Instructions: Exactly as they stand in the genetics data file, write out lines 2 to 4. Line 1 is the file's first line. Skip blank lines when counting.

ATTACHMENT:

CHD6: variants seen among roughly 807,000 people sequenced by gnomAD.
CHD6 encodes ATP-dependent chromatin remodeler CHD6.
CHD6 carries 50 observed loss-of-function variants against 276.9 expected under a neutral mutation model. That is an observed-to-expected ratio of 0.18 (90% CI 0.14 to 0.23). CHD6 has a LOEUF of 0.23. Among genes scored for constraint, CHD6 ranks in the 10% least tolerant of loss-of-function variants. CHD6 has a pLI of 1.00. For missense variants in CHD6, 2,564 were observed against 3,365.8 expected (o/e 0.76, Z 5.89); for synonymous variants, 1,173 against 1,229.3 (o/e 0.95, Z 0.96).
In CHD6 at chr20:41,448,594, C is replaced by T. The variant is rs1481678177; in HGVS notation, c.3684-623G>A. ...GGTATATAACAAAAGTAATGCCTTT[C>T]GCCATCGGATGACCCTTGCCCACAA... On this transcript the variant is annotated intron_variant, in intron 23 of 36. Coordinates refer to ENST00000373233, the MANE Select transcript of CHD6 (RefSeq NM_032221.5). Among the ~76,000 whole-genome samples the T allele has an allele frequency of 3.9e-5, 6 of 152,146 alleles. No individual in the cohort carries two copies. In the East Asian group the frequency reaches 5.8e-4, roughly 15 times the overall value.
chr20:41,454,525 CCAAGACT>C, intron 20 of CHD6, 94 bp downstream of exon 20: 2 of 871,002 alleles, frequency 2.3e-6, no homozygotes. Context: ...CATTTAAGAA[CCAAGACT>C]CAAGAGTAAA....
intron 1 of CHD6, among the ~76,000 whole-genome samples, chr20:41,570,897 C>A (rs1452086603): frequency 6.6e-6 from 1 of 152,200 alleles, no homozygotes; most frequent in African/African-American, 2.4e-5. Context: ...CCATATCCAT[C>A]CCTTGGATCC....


CHD6 encodes ATP-dependent chromatin remodeler CHD6.
CHD6 carries 50 observed loss-of-function variants against 276.9 expected under a neutral mutation model. That is an observed-to-expected ratio of 0.18 (90% CI 0.14 to 0.23). CHD6 has a LOEUF of 0.23. Among genes scored for constraint, CHD6 ranks in the 10% least tolerant of loss-of-function variants. CHD6 has a pLI of 1.00. For missense variants in CHD6, 2,564 were observed against 3,365.8 expected (o/e 0.76, Z 5.89); for synonymous variants, 1,173 against 1,229.3 (o/e 0.95, Z 0.96).
In CHD6 at chr20:41,448,594, C is replaced by T. The variant is rs1481678177; in HGVS notation, c.3684-623G>A. ...GGTATATAACAAAAGTAATGCCTTT[C>T]GCCATCGGATGACCCTTGCCCACAA... On this transcript the variant is annotated intron_variant, in intron 23 of 36. Coordinates refer to ENST00000373233, the MANE Select transcript of CHD6 (RefSeq NM_032221.5). Among the ~76,000 whole-genome samples the T allele has an allele frequency of 3.9e-5, 6 of 152,146 alleles. No individual in the cohort carries two copies. In the East Asian group the frequency reaches 5.8e-4, roughly 15 times the overall value.